Prior to joining the University of York I worked for eight years in the English Heritage Characterisation Team, contributing to its research outputs and promoting characterisation in the heritage and local government sectors. There is a misunderstanding about characterisation, that it somehow replaces the need for more detailed field investigation, or that it threatens more traditional approaches to heritage protection. Neither is true. As the English Heritage webpages state: 'Characterisation helps to manage change in the historic environment by tracing the imprint of history. Piecing together information from maps new and historic, from aerial photos, and from the wealth of data that we already have about archaeology and buildings, it builds up area-based pictures of how places in town and country have developed over time. It shows how the past exists within today's world.These insights into the historic environment, however, are about the future, not the past. Characterisation is not an academic exercise but a vital tool for developers and planners to make sure that a place's historical identity contributes properly to everyone's Quality of Life.' (From http://www.english-heritage.org.uk/characterisation, where more information about Characterisation projects can be found.)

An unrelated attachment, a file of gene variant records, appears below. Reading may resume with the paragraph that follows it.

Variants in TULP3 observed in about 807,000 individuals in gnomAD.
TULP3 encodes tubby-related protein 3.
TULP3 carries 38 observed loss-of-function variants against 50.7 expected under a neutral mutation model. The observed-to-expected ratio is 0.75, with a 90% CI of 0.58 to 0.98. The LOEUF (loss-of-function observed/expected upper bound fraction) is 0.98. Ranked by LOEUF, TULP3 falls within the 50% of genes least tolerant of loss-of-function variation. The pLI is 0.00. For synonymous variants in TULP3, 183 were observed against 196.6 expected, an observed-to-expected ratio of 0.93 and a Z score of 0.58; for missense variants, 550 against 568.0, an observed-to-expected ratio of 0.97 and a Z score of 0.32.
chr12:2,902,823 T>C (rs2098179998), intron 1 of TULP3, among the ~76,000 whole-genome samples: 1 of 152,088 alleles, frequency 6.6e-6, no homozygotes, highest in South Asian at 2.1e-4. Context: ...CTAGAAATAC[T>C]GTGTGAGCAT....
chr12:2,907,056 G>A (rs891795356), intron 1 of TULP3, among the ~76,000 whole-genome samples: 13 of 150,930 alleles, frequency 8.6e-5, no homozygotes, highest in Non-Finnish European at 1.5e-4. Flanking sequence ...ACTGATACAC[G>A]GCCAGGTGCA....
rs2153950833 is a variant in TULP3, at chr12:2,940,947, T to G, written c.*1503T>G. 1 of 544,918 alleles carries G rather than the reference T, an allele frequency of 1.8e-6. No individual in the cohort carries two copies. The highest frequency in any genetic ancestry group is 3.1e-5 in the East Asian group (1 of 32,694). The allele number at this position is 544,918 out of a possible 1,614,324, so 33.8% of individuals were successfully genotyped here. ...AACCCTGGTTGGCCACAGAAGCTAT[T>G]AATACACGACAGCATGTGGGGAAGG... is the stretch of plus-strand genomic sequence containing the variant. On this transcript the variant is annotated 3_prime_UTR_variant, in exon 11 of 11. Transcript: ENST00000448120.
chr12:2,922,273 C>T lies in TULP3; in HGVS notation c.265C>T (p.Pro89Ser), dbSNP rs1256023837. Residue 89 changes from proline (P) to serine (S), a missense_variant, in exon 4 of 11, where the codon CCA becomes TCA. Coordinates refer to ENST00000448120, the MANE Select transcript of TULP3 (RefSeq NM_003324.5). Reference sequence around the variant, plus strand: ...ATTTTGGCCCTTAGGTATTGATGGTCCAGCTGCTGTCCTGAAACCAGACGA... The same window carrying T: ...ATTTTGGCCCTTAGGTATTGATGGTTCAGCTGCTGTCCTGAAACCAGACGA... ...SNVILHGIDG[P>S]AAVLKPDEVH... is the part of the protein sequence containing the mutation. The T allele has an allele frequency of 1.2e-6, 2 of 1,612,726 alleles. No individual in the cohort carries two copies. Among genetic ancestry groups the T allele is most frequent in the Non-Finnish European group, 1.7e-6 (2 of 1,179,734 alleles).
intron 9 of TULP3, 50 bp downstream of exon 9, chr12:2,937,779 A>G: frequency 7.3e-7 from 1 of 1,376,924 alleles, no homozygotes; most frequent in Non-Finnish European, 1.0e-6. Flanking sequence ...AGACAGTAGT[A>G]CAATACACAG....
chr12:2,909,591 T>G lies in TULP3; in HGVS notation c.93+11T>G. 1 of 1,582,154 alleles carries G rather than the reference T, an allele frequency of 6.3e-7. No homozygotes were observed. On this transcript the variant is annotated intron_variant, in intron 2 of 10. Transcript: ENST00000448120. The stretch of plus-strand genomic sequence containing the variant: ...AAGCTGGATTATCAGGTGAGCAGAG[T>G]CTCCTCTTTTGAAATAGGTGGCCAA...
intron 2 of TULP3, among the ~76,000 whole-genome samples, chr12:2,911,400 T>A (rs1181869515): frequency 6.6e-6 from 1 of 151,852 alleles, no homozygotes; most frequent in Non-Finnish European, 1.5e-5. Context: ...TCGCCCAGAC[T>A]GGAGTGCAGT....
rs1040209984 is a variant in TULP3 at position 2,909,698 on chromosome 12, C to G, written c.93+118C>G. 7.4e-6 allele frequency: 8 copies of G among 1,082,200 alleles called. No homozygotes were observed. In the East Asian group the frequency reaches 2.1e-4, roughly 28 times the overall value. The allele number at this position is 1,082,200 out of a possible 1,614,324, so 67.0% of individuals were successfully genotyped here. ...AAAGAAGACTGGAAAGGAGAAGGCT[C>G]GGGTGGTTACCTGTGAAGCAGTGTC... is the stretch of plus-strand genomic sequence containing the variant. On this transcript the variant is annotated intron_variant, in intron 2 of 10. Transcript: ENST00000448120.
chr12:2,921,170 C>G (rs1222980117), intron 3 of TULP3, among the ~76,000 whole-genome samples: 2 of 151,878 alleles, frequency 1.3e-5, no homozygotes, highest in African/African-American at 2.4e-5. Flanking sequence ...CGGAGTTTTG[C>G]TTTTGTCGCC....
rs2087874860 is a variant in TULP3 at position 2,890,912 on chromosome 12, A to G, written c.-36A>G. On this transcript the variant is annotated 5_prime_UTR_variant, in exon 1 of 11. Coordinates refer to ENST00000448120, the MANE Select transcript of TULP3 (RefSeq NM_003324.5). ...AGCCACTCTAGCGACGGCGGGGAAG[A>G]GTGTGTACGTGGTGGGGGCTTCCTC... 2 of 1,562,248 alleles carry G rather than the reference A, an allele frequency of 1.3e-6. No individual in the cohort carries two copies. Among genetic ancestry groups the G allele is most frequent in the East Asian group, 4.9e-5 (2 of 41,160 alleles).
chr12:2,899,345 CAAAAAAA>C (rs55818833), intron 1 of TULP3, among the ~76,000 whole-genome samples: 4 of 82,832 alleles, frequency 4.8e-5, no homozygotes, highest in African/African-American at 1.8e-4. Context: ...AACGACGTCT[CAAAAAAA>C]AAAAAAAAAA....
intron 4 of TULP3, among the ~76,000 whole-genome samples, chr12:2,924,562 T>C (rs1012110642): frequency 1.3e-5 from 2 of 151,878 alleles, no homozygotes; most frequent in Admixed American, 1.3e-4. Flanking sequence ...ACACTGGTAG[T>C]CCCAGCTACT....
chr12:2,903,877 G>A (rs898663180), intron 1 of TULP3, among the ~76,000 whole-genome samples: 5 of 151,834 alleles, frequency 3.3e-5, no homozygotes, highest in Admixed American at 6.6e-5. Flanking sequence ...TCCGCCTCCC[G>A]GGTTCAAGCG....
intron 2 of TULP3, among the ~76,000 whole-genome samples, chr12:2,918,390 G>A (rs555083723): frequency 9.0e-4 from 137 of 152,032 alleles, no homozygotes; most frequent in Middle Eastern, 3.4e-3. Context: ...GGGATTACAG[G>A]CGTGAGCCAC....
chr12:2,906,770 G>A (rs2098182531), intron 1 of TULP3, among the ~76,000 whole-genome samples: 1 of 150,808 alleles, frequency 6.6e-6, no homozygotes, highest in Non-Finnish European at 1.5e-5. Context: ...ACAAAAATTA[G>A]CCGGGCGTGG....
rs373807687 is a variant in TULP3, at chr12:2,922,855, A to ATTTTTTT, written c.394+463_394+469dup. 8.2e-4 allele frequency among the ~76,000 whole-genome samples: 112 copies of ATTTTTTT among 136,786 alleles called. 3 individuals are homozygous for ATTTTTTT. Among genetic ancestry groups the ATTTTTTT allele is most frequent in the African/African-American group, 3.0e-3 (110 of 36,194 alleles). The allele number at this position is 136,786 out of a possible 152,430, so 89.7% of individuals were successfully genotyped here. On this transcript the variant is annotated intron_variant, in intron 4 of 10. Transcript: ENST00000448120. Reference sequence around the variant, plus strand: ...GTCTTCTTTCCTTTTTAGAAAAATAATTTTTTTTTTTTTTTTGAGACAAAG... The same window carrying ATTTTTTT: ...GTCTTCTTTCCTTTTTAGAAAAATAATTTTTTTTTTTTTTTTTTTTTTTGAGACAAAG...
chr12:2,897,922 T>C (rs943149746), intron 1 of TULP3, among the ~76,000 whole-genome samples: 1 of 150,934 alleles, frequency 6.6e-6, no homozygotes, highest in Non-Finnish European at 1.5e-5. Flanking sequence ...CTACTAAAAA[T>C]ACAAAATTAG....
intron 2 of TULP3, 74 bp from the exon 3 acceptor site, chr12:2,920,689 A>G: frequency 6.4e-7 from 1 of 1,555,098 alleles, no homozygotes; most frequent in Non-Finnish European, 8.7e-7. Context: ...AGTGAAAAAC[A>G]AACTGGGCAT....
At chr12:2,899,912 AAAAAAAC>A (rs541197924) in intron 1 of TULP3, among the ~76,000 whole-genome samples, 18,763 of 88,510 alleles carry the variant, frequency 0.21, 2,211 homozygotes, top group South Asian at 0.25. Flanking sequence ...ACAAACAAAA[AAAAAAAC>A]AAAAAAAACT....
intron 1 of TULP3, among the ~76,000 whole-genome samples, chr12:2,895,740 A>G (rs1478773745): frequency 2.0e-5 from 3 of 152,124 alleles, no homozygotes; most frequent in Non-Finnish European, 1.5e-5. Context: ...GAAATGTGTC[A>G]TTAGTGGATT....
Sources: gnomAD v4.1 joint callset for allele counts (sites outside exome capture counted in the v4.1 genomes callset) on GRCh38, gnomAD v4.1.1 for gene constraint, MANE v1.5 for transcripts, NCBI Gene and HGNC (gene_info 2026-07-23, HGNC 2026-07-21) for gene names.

In my new position at the University of York I intend to maintain an active interest in characterisation, and - in partnership with my former colleagues and others - to undertake research in this area. The Strait Street and Homelessness projects are loosely connected to the principles and methods of characterisation.